As the United States piled pressure on Turkey over a detained American pastor, the leaders of Turkey’s Christian and Jewish minorities issued a joint declaration July 31 asserting they enjoy religious freedom in the Muslim-majority country. The declaration may have pleased Ankara as a show of support in the row with Washington, but has triggered controversy and objections with the minorities themselves.
Signed by 18 spiritual and community leaders, the declaration said, “As the religious representatives and foundation administrators of ancient communities of different religions and faiths that have been rooted in this country for centuries, we are free to live out our faiths and practice our worships in line with our traditions. Statements alleging and/or alluding to oppression are completely untrue and go beyond purpose.”
Agos, the newspaper of Turkey’s Armenian community, ran a sarcastic headline that roughly translates as “Lo and behold, we have been free but we didn’t know it.” Asked why they chose such a headline, the paper’s editor-in-chief Yetvart Danzikyan told Al-Monitor, “They say there are no obstructions to our worships. Then why do the police stand guard at the door when Armenians in particular hold services in their churches? The declaration does not fully correspond to reality.”
Garo Paylan, an Armenian parliament member for the Peoples’ Democratic Party, was even harsher. “When I read the declaration, I felt once again that all those spiritual leaders are hostages,” Paylan told Al-Monitor.
Referring to the modern Turkish republic, founded in 1923 on the ashes of the Ottoman Empire, he said, “Throughout republican history the spiritual leaderships of the remaining [non-Muslim] minorities have been used as hostages. Only a hostage could sign such a declaration at a time when we are unable to elect our patriarch [due to government interference], religious institutions are denied autonomous status, Armenian foundations are unable to hold elections [due to bureaucratic hurdles] and the great sins committed against us in the past remain unacknowledged. This was a ritual of loyalty and all [spiritual leaders] took part in it.”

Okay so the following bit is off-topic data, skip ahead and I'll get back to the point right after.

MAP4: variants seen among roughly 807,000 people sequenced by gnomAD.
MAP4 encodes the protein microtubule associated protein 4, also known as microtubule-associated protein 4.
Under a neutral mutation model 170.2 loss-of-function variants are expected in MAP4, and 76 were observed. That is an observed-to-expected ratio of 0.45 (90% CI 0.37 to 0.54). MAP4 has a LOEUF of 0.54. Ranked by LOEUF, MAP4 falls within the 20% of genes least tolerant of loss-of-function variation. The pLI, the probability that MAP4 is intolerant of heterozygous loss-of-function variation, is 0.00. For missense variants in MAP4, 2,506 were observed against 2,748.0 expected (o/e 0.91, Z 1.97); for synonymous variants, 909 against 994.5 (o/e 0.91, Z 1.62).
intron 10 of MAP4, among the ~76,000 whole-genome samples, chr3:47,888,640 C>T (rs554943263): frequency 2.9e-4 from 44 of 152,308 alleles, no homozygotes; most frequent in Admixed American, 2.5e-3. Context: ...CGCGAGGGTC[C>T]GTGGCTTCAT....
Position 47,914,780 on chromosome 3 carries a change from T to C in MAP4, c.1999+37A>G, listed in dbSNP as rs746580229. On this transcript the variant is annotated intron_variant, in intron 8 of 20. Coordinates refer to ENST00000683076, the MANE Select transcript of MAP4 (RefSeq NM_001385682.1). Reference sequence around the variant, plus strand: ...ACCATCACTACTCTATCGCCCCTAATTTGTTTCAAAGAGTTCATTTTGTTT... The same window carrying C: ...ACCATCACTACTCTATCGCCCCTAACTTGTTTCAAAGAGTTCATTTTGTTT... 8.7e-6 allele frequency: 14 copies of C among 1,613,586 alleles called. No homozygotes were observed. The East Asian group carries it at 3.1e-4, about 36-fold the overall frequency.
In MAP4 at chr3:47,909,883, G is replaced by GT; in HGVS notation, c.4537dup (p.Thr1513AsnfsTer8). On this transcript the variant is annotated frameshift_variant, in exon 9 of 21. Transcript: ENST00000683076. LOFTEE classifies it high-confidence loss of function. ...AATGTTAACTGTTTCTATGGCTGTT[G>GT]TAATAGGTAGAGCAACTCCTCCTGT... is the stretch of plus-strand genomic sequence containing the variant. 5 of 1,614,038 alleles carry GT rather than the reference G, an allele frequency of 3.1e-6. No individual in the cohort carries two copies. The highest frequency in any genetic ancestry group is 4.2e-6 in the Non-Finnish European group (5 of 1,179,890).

The declaration was signed by the representatives of almost all Christian and Jewish communities in Turkey, including Greek Orthodox Patriarch Bartholomew I, the acting Armenian patriarch, Archbishop Aram Atesyan, Chief Rabbi Rav Isak Haleva and acting Syriac Patriarch Yusuf Cetin as well as representatives of smaller groups such as Orthodox Bulgarians and Chaldean Catholics. As such, it was unprecedented.
According to Danzikyan, community leaders have always felt compelled to stay on good terms with the Turkish state. “This has been the case throughout republican history. … Minority representatives feel compelled to be on the state’s side in such [sensitive] situations. The Greek Orthodox representatives have done so in times of problems with Greece and the Armenian ones have done the same at times of controversy over the Armenian genocide,” Danzikyan said.